Archaeologists and volunteers have discovered human remains while working on a community archaeological scheme in west Waterford.
The remains, at a Motte-Bailey mound known as Gallows Hill, near Dungarvan, are of two individuals believed to have died up to 200 years apart.
“We found a poorly preserved but almost complete skeleton on what may be a 17th century burial ground,” said Christina O’Connor, committee member of Dungarvan’s Waterford County Museum, which co-manages the project.
“It was possibly someone killed in battle.”
The second find comprises “a few remnants, including teeth, possibly dating from the 1800s and perhaps representing someone hanged at the site”.
The dates have been estimated from the nature and level of soil from which the remnants emerged. The older remains were discovered about 3.5ft underground with the other was only inches below the surface.
In 2015, the voluntary museum, in conjunction with the local community commenced research and geophysical surveys, identified it as of probably 12th century Anglo-Norman origin.
“They would have built a wooden keep or castle on it, surrounded by wooden palisades and large ditches,” Ms O’Connor explained.
In 2016, the group joined the Heritage Council’s ‘Adopt a Monument’ scheme and last year carried out its first seven-day community excavation, supported by Waterford Council and Creative Ireland. The Motte-Bailey itself stands 26ft tall with a 130ft circumference.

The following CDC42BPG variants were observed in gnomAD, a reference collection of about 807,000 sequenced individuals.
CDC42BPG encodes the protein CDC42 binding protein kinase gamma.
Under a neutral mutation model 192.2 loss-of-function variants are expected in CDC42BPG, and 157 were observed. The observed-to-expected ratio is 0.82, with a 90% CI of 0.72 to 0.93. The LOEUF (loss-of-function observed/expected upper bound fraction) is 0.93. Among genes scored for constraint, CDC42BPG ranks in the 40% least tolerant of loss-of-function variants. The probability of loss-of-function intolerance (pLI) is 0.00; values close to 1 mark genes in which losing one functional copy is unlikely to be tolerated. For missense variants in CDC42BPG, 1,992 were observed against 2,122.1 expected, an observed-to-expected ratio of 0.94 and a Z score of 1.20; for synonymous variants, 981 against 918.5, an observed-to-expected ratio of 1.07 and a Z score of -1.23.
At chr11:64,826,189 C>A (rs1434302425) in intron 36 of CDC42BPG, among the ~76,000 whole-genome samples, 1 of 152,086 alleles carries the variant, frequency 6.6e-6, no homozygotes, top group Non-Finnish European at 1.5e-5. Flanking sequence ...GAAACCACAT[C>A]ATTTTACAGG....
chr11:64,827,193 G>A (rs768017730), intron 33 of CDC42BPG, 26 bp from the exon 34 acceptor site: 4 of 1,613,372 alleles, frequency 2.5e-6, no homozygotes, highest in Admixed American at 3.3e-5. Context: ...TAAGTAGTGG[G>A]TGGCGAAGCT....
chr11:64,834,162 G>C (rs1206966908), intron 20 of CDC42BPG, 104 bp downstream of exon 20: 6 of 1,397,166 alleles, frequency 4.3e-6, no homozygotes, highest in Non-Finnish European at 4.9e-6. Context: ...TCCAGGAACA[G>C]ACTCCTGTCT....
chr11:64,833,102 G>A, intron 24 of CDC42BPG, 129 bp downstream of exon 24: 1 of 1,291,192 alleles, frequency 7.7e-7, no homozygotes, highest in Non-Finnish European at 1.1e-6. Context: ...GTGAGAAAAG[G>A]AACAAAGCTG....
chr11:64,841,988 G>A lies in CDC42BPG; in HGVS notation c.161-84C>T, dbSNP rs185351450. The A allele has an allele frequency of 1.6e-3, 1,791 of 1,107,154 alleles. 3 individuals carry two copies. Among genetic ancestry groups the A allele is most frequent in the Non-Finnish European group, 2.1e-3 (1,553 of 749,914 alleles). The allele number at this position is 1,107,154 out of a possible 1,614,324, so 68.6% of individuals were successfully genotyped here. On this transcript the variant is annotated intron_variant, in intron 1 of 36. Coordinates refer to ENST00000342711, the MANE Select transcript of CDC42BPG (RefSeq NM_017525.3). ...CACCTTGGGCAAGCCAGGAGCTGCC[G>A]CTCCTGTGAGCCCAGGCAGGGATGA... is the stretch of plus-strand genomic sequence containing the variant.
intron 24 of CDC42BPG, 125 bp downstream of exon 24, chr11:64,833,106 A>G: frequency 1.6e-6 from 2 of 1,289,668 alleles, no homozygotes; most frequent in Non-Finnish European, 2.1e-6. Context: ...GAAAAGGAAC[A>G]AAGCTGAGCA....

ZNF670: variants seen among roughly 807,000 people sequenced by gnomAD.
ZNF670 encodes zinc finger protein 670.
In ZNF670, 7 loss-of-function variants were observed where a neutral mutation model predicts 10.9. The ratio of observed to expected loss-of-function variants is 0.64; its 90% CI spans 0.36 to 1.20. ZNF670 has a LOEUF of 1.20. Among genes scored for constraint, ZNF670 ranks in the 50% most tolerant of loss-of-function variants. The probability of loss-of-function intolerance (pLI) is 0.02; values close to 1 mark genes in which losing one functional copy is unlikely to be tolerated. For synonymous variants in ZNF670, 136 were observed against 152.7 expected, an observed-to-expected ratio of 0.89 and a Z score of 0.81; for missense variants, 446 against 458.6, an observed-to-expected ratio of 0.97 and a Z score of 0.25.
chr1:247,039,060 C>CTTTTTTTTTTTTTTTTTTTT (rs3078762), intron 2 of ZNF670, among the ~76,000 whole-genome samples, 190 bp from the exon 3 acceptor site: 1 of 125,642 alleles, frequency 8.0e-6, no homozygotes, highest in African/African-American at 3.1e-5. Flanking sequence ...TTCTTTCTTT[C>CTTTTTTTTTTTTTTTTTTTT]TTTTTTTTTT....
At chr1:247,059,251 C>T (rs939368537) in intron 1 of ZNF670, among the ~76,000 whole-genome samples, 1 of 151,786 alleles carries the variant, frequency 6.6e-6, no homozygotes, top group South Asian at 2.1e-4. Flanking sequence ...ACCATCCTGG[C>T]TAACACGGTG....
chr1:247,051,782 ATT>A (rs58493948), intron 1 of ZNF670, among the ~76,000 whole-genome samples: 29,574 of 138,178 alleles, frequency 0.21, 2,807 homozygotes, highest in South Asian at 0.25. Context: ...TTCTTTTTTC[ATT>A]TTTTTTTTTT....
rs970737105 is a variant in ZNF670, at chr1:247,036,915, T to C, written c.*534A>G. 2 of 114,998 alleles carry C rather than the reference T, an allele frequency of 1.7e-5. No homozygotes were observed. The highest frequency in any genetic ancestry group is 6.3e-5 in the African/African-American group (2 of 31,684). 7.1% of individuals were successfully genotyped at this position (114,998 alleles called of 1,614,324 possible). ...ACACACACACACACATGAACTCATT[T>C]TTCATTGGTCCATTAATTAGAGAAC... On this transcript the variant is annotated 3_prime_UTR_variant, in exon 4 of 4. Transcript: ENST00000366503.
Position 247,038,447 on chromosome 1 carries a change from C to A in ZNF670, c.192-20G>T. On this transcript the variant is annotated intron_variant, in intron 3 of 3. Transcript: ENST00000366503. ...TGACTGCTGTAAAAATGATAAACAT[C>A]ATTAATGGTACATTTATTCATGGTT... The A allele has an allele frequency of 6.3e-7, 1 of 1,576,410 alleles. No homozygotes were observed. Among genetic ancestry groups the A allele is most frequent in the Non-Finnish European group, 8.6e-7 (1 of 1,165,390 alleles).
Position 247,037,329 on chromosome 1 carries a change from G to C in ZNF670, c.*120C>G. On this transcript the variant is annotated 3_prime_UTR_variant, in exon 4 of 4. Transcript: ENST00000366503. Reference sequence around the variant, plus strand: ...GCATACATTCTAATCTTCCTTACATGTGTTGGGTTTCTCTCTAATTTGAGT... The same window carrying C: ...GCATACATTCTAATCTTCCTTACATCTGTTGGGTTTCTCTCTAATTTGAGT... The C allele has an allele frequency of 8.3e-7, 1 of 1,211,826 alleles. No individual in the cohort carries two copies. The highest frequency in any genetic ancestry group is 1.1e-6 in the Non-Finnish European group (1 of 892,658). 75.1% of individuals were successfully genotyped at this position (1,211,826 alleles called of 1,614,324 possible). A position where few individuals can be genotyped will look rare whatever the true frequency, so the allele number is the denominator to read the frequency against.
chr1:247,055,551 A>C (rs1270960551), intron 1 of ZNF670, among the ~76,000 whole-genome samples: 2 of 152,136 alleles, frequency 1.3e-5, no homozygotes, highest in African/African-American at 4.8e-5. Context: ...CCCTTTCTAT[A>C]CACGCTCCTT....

The excavations, under the guidance of archaeologists Dave Pollock and Jo Moran, “revealed that that the motte was refortified during the 17th century, possibly during the 1640s rebellions or during Cromwell’s incursions,” Ms O’Connor said.
During the 18th century gallows were built in the area.
“Most hangings would have taken place at Dungarvan castle about a mile away, but Gallows Hill overlooked the two roads entering the town and so would have been a good place to show someone’s head on a pole as a display of power and as a warning against rebellion,” Ms O’Connor said.
This year’s week-long excavations, involving more than 20 participants, revealed evidence that the motte was re-used for different purposes over the centuries.
“The group’s research, surveying and excavation, has shown that Gallows Hill has a much longer and more complex biography than expected,” Ms O’Connor said.
The recent findings, which also include a historic coin and other artefacts, “means this also now a human story”.
“The bones have been forwarded to a team of specialists who will attempt to decipher their story, including the individual’s ages, how they lived and how they died.
With only a few sections of the mound explored, there are probably further remains buried there. “Whether we dig further will be decided by the local community,” said Ms O’Connor.
This month the project was also announced as county winners of the National Lottery Good Causes Awards and will represent Waterford in a regional competition aimed at qualifying for the national finals, which carry a lucrative cash prize for the winner.
More information on Gallows Hill project can be found at waterfordmusuem.ie. The group will present its findings to the local community over the coming months.